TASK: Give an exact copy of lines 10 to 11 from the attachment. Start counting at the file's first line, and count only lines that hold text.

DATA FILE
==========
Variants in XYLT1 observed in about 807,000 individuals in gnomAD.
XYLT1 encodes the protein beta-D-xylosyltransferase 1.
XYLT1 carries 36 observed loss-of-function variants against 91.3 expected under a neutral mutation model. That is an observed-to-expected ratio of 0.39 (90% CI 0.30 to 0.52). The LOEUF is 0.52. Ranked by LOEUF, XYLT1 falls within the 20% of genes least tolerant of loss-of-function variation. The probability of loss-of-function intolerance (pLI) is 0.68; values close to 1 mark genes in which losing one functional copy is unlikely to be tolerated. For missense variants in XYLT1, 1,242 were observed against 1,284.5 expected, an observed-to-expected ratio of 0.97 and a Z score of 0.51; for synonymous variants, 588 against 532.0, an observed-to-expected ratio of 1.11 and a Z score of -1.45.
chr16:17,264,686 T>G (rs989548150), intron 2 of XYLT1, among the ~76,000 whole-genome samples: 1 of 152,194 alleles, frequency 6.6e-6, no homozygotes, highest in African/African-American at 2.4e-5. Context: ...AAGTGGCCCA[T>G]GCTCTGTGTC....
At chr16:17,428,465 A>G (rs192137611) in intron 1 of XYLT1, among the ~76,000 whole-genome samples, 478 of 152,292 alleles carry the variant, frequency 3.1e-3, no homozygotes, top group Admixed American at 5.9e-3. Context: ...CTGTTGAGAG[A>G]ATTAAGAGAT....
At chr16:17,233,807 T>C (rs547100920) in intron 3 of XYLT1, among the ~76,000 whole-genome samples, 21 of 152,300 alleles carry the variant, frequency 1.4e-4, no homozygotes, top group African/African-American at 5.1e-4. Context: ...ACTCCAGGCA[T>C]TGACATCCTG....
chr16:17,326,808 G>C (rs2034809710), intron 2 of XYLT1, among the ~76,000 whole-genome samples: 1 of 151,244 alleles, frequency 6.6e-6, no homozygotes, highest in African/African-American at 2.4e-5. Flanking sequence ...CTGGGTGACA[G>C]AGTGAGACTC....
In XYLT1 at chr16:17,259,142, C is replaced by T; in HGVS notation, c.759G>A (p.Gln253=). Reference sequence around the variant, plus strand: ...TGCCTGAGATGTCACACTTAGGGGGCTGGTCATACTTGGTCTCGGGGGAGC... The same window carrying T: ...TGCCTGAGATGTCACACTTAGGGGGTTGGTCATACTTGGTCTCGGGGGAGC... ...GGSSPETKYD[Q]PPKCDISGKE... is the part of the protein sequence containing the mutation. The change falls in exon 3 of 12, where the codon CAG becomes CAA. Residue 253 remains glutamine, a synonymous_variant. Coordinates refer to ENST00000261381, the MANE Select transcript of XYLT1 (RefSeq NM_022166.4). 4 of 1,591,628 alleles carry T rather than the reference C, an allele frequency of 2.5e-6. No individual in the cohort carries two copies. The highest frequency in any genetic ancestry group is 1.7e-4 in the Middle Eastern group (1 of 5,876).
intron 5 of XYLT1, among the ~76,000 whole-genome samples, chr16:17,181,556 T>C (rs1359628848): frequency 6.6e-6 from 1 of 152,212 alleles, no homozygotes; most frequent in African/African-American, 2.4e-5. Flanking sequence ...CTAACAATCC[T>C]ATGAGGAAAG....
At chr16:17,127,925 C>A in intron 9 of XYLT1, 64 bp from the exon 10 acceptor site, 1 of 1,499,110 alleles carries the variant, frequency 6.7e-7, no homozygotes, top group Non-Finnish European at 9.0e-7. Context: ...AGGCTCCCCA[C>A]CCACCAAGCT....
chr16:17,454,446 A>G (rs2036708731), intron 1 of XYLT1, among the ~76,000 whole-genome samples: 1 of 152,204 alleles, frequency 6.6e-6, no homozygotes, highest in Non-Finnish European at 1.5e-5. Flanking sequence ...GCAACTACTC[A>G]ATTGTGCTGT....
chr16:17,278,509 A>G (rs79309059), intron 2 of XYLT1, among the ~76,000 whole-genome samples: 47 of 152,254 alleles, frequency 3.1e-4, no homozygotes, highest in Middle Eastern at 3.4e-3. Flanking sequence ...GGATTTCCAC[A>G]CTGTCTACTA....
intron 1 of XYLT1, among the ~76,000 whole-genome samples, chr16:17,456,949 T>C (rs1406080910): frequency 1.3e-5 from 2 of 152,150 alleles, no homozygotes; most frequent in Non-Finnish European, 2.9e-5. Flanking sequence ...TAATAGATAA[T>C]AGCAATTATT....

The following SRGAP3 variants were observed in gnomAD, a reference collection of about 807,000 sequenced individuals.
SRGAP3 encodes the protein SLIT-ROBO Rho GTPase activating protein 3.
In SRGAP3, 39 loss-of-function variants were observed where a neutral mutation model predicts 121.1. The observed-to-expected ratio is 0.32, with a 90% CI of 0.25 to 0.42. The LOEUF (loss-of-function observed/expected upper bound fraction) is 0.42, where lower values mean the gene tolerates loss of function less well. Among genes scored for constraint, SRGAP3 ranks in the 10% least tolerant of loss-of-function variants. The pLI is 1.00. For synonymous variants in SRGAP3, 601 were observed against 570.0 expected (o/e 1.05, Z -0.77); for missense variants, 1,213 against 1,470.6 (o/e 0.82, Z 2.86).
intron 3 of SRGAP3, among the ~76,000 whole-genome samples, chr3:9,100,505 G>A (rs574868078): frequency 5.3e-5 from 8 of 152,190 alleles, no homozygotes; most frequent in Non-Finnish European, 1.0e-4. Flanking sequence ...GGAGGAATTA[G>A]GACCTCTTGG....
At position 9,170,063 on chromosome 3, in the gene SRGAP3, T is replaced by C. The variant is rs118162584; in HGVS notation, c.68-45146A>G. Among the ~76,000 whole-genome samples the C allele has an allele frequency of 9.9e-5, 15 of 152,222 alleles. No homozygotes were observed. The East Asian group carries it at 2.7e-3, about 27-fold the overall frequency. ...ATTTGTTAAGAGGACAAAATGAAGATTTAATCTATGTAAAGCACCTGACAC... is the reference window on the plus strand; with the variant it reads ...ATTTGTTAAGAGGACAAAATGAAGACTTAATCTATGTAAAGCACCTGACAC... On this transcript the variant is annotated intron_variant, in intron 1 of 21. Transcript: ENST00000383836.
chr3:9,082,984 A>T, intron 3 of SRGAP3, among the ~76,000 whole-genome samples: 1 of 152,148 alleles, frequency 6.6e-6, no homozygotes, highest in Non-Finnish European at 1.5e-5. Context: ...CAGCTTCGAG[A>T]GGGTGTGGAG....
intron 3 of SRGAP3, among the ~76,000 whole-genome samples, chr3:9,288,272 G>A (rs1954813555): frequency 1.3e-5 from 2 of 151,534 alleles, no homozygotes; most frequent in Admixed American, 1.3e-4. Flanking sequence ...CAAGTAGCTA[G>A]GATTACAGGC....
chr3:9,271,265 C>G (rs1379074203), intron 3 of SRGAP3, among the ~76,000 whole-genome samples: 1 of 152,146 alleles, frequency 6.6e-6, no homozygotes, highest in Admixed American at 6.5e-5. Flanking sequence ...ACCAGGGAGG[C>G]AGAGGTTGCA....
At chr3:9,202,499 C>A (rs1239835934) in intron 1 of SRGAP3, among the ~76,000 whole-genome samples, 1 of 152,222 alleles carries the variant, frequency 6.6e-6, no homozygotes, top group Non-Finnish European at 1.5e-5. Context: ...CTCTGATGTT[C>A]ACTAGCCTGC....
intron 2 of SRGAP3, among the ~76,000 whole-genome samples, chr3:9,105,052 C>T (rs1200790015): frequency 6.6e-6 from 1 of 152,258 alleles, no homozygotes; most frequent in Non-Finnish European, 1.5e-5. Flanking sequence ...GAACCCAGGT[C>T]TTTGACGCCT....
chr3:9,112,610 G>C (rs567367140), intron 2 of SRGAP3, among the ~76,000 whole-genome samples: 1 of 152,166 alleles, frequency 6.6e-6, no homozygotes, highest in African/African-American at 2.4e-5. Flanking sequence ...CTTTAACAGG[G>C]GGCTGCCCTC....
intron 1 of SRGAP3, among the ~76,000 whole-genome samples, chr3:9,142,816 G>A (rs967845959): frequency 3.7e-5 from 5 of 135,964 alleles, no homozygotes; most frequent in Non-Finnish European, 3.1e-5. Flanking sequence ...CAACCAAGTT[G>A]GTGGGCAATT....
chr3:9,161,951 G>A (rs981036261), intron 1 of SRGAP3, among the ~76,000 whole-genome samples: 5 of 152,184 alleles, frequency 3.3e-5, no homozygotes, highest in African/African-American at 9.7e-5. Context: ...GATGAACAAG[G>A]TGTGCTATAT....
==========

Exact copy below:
At chr16:17,127,925 C>A in intron 9 of XYLT1, 64 bp from the exon 10 acceptor site, 1 of 1,499,110 alleles carries the variant, frequency 6.7e-7, no homozygotes, top group Non-Finnish European at 9.0e-7. Context: ...AGGCTCCCCA[C>A]CCACCAAGCT....
chr16:17,454,446 A>G (rs2036708731), intron 1 of XYLT1, among the ~76,000 whole-genome samples: 1 of 152,204 alleles, frequency 6.6e-6, no homozygotes, highest in Non-Finnish European at 1.5e-5. Flanking sequence ...GCAACTACTC[A>G]ATTGTGCTGT....